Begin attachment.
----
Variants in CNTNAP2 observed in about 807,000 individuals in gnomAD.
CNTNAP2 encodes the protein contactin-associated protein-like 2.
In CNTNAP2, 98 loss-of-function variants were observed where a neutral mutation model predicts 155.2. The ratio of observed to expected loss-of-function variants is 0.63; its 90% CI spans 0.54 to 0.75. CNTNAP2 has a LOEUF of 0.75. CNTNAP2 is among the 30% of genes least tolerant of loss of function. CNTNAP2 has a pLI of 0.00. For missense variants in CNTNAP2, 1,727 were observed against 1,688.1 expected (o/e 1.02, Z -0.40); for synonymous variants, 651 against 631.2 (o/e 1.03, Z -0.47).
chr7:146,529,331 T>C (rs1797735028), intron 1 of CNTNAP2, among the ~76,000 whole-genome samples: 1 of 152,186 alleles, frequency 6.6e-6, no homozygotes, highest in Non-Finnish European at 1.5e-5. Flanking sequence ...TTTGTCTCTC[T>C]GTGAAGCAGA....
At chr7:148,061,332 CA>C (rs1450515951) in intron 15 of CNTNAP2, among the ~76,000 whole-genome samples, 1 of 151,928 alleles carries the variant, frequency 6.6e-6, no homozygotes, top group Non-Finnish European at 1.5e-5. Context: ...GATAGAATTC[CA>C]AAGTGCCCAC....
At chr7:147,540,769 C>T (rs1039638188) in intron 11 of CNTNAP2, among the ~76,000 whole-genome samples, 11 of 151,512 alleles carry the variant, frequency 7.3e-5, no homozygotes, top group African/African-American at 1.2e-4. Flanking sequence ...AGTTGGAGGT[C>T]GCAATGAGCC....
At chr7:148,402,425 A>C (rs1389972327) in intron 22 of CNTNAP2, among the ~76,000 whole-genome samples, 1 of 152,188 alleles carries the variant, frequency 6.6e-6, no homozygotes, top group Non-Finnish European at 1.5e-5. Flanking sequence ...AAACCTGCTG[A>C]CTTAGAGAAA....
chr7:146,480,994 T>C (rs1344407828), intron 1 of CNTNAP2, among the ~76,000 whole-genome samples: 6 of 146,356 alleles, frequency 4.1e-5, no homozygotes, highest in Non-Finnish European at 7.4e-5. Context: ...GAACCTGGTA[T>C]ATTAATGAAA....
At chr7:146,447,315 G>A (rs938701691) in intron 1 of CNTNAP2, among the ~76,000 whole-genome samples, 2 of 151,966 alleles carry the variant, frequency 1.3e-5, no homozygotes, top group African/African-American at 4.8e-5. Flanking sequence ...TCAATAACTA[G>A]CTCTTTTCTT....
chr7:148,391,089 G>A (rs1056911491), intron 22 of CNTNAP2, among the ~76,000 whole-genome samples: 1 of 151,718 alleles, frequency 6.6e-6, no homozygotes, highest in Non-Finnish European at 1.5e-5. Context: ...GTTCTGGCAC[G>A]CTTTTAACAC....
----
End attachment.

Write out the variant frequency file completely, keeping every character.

Variants in CNTNAP2 observed in about 807,000 individuals in gnomAD.
CNTNAP2 encodes the protein contactin-associated protein-like 2.
In CNTNAP2, 98 loss-of-function variants were observed where a neutral mutation model predicts 155.2. The ratio of observed to expected loss-of-function variants is 0.63; its 90% CI spans 0.54 to 0.75. CNTNAP2 has a LOEUF of 0.75. CNTNAP2 is among the 30% of genes least tolerant of loss of function. CNTNAP2 has a pLI of 0.00. For missense variants in CNTNAP2, 1,727 were observed against 1,688.1 expected (o/e 1.02, Z -0.40); for synonymous variants, 651 against 631.2 (o/e 1.03, Z -0.47).
chr7:146,529,331 T>C (rs1797735028), intron 1 of CNTNAP2, among the ~76,000 whole-genome samples: 1 of 152,186 alleles, frequency 6.6e-6, no homozygotes, highest in Non-Finnish European at 1.5e-5. Flanking sequence ...TTTGTCTCTC[T>C]GTGAAGCAGA....
At chr7:148,061,332 CA>C (rs1450515951) in intron 15 of CNTNAP2, among the ~76,000 whole-genome samples, 1 of 151,928 alleles carries the variant, frequency 6.6e-6, no homozygotes, top group Non-Finnish European at 1.5e-5. Context: ...GATAGAATTC[CA>C]AAGTGCCCAC....
At chr7:147,540,769 C>T (rs1039638188) in intron 11 of CNTNAP2, among the ~76,000 whole-genome samples, 11 of 151,512 alleles carry the variant, frequency 7.3e-5, no homozygotes, top group African/African-American at 1.2e-4. Flanking sequence ...AGTTGGAGGT[C>T]GCAATGAGCC....
At chr7:148,402,425 A>C (rs1389972327) in intron 22 of CNTNAP2, among the ~76,000 whole-genome samples, 1 of 152,188 alleles carries the variant, frequency 6.6e-6, no homozygotes, top group Non-Finnish European at 1.5e-5. Flanking sequence ...AAACCTGCTG[A>C]CTTAGAGAAA....
chr7:146,480,994 T>C (rs1344407828), intron 1 of CNTNAP2, among the ~76,000 whole-genome samples: 6 of 146,356 alleles, frequency 4.1e-5, no homozygotes, highest in Non-Finnish European at 7.4e-5. Context: ...GAACCTGGTA[T>C]ATTAATGAAA....
At chr7:146,447,315 G>A (rs938701691) in intron 1 of CNTNAP2, among the ~76,000 whole-genome samples, 2 of 151,966 alleles carry the variant, frequency 1.3e-5, no homozygotes, top group African/African-American at 4.8e-5. Flanking sequence ...TCAATAACTA[G>A]CTCTTTTCTT....
chr7:148,391,089 G>A (rs1056911491), intron 22 of CNTNAP2, among the ~76,000 whole-genome samples: 1 of 151,718 alleles, frequency 6.6e-6, no homozygotes, highest in Non-Finnish European at 1.5e-5. Context: ...GTTCTGGCAC[G>A]CTTTTAACAC....